Let me say straight out that Longarmers cannot perform miracles. I recently got a quilt from a quilter that had never shipped a quilt to a longarmer before, and we ran into a bunch of different problems. Here’s some lessons learned that may help you out:
1. The quilt backing needs to be 4″ greater than the quilt in all dimensions (that is, 8″ longer and wider than the quilt top). This is for two reasons: because we stabilize the backing side-to-side with clamps, the clamps cause some distortion to the backing. Having 4″ on each side dissipates the distortion, so you don’t notice it by the time the quilt top matches up with the backing. Also, it allows for space for the clamp itself! Then, having 4″ on top and bottom allow us to pin or attach the backing to the frame. We need this extra space because we can’t quilt on top of the frame leaders. Also, because the quilt rolls up onto rollers on either side of the frame, the backing has to be slightly bigger than the quilt top to account for this. (Think of rolling up a phone book and how the pages spread out).
2. Don’t piece your backing any more than necessary. Backing is under tension, and extra seams do not help. Also, remember that longarmers cannot exactly match backing seams to front seams — we do not pin the quilt together like you do when you quilt a quilt on a domestic machine. We do our best, but ultimately cannot control the backing exactly with the top (see the phone book point above).
4. Try to pick a backing that matches the thread you want to quilt the top with. No matter how much we mess with the tension, we cannot always get a black top thread and a white backing thread to perfectly knot in the center of the batting. Tension shifts as the machine goes through curves and different directions, and it is impossible to avoid some “pokies” with really dramatic thread differences. Having similar backing fabric and top thread choices alleviates this issue. Or, if you want, you can quilt with the same color thread, as long as you are willing to have contrasting thread on the back. Your choice.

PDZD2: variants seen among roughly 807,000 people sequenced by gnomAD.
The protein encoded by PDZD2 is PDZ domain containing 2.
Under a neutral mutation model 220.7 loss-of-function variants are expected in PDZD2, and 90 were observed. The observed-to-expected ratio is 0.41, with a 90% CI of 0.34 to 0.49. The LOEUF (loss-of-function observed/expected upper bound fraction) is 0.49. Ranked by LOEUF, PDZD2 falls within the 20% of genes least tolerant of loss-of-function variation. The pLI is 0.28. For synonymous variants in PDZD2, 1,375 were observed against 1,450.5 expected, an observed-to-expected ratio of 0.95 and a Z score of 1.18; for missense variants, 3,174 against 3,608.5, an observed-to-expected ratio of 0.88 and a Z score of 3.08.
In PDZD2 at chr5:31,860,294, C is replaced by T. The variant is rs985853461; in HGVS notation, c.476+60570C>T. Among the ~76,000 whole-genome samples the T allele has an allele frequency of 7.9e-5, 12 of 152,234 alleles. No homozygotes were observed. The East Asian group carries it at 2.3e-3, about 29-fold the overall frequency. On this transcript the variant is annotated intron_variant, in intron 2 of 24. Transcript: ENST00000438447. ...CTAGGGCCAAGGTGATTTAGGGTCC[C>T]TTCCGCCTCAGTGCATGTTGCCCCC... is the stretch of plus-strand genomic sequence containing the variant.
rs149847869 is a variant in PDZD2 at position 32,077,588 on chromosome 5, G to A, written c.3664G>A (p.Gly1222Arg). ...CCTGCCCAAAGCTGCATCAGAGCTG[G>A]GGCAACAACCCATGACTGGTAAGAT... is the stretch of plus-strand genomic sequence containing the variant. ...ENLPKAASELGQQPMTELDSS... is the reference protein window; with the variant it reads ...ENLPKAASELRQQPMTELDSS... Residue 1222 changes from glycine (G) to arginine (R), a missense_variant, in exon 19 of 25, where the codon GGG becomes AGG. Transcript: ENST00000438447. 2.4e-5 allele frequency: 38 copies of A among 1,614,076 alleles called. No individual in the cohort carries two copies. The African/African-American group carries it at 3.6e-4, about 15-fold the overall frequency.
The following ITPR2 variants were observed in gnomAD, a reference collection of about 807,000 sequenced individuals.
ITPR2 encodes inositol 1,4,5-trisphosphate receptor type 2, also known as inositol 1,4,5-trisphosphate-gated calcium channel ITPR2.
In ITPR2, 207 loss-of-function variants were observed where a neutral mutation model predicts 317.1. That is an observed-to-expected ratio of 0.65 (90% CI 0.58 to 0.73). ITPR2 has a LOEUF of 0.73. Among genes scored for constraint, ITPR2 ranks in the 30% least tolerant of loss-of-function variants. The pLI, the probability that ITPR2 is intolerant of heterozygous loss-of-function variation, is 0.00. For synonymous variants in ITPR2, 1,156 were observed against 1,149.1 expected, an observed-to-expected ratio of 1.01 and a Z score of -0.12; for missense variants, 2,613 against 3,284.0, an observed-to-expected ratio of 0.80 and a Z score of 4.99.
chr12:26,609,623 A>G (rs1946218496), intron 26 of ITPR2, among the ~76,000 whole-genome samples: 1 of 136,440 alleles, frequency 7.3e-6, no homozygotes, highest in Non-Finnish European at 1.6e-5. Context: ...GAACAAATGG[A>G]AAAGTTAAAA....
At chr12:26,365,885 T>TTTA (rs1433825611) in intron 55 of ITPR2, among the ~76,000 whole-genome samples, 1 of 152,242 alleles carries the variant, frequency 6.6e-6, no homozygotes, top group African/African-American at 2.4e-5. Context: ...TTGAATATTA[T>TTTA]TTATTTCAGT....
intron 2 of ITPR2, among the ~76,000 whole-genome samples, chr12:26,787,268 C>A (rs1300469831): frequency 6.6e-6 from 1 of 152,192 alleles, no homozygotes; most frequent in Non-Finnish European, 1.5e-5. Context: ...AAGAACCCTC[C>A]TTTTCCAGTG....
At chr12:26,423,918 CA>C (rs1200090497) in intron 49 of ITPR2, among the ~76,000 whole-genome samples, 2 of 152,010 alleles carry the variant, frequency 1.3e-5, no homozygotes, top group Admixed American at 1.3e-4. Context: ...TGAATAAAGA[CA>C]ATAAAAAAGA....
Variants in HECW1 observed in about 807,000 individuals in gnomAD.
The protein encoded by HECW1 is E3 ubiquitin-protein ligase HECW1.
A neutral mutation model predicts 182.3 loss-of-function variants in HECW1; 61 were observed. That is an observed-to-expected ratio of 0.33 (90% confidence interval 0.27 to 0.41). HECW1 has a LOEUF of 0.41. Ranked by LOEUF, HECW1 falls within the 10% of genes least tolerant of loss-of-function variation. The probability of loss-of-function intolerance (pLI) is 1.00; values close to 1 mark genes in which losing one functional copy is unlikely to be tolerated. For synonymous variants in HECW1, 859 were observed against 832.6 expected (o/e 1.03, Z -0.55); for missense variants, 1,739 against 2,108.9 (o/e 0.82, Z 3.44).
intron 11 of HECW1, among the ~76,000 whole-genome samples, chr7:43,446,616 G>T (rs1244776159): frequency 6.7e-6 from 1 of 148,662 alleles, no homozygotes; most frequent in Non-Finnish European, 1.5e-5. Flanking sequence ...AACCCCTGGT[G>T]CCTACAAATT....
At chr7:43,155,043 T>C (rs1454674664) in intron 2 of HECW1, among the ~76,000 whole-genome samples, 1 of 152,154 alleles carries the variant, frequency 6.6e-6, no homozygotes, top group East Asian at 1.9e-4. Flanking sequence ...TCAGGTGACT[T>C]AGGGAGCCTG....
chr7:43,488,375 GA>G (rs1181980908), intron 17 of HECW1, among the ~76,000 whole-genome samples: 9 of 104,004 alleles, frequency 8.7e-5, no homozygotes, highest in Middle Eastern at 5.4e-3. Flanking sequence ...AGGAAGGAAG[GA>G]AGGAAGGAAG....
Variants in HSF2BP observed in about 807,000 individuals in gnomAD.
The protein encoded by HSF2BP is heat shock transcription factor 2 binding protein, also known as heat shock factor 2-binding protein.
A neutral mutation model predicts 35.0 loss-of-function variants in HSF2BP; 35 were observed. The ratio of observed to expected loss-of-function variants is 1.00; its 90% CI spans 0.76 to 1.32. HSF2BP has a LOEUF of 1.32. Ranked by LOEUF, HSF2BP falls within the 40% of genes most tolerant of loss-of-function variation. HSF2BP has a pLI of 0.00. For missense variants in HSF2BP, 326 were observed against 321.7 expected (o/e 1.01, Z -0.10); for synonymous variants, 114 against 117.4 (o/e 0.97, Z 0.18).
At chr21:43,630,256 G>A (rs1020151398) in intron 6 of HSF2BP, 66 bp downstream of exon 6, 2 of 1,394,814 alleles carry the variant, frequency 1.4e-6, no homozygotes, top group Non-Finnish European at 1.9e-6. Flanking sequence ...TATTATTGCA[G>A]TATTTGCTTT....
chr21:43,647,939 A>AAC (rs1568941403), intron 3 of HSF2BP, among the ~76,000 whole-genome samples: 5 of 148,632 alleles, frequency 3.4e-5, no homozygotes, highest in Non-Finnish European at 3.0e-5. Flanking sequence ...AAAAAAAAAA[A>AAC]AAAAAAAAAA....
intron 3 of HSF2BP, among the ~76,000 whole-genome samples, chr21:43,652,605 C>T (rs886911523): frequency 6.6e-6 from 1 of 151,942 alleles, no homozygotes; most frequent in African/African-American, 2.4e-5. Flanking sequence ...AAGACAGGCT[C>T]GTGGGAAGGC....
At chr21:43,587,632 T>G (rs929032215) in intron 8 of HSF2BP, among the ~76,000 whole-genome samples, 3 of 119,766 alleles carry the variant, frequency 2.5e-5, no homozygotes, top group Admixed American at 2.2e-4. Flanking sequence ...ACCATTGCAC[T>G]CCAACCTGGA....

5. Make a good attempt to clear out extra hanging threads from your quilt, especially if you have dramatic color changes. We do our best at picking up stray threads, but the worst thing that can possibly happen is a dark color thread falls off your quilt top into a light block, and it is not noticed until the quilting is done. You can help reduce this risk by making your quilt as clean as possible, and removing any stray threads that you can. If you press your quilt ahead of time, you can ensure that all your seams are going in the right direction, and you’ll catch all those threads at the same time.
I hope this helps explain some of the strange requests your longarm quilter makes!